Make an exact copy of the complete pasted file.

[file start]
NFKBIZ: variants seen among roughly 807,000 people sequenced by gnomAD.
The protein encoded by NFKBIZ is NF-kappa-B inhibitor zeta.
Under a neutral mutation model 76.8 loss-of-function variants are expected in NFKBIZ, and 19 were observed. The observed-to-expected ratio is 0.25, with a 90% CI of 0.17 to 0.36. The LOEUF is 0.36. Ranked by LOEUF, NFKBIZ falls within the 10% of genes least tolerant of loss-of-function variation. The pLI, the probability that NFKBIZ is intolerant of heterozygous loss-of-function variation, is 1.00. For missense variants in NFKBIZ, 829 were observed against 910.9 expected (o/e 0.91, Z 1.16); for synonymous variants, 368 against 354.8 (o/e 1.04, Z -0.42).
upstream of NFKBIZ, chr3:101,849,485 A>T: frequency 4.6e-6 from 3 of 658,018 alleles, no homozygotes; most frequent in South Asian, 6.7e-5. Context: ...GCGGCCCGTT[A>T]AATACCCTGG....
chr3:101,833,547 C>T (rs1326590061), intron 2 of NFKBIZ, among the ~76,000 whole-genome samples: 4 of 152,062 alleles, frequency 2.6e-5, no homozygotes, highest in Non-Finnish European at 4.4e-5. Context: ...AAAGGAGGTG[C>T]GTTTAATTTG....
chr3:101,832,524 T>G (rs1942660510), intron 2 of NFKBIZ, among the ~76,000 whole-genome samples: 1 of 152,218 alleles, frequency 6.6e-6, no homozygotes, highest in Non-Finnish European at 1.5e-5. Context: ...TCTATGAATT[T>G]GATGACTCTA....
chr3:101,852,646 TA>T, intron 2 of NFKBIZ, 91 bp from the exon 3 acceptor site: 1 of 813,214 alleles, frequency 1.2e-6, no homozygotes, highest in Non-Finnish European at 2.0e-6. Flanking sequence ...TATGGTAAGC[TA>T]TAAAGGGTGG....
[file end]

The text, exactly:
NFKBIZ: variants seen among roughly 807,000 people sequenced by gnomAD.
The protein encoded by NFKBIZ is NF-kappa-B inhibitor zeta.
Under a neutral mutation model 76.8 loss-of-function variants are expected in NFKBIZ, and 19 were observed. The observed-to-expected ratio is 0.25, with a 90% CI of 0.17 to 0.36. The LOEUF is 0.36. Ranked by LOEUF, NFKBIZ falls within the 10% of genes least tolerant of loss-of-function variation. The pLI, the probability that NFKBIZ is intolerant of heterozygous loss-of-function variation, is 1.00. For missense variants in NFKBIZ, 829 were observed against 910.9 expected (o/e 0.91, Z 1.16); for synonymous variants, 368 against 354.8 (o/e 1.04, Z -0.42).
upstream of NFKBIZ, chr3:101,849,485 A>T: frequency 4.6e-6 from 3 of 658,018 alleles, no homozygotes; most frequent in South Asian, 6.7e-5. Context: ...GCGGCCCGTT[A>T]AATACCCTGG....
chr3:101,833,547 C>T (rs1326590061), intron 2 of NFKBIZ, among the ~76,000 whole-genome samples: 4 of 152,062 alleles, frequency 2.6e-5, no homozygotes, highest in Non-Finnish European at 4.4e-5. Context: ...AAAGGAGGTG[C>T]GTTTAATTTG....
chr3:101,832,524 T>G (rs1942660510), intron 2 of NFKBIZ, among the ~76,000 whole-genome samples: 1 of 152,218 alleles, frequency 6.6e-6, no homozygotes, highest in Non-Finnish European at 1.5e-5. Context: ...TCTATGAATT[T>G]GATGACTCTA....
chr3:101,852,646 TA>T, intron 2 of NFKBIZ, 91 bp from the exon 3 acceptor site: 1 of 813,214 alleles, frequency 1.2e-6, no homozygotes, highest in Non-Finnish European at 2.0e-6. Flanking sequence ...TATGGTAAGC[TA>T]TAAAGGGTGG....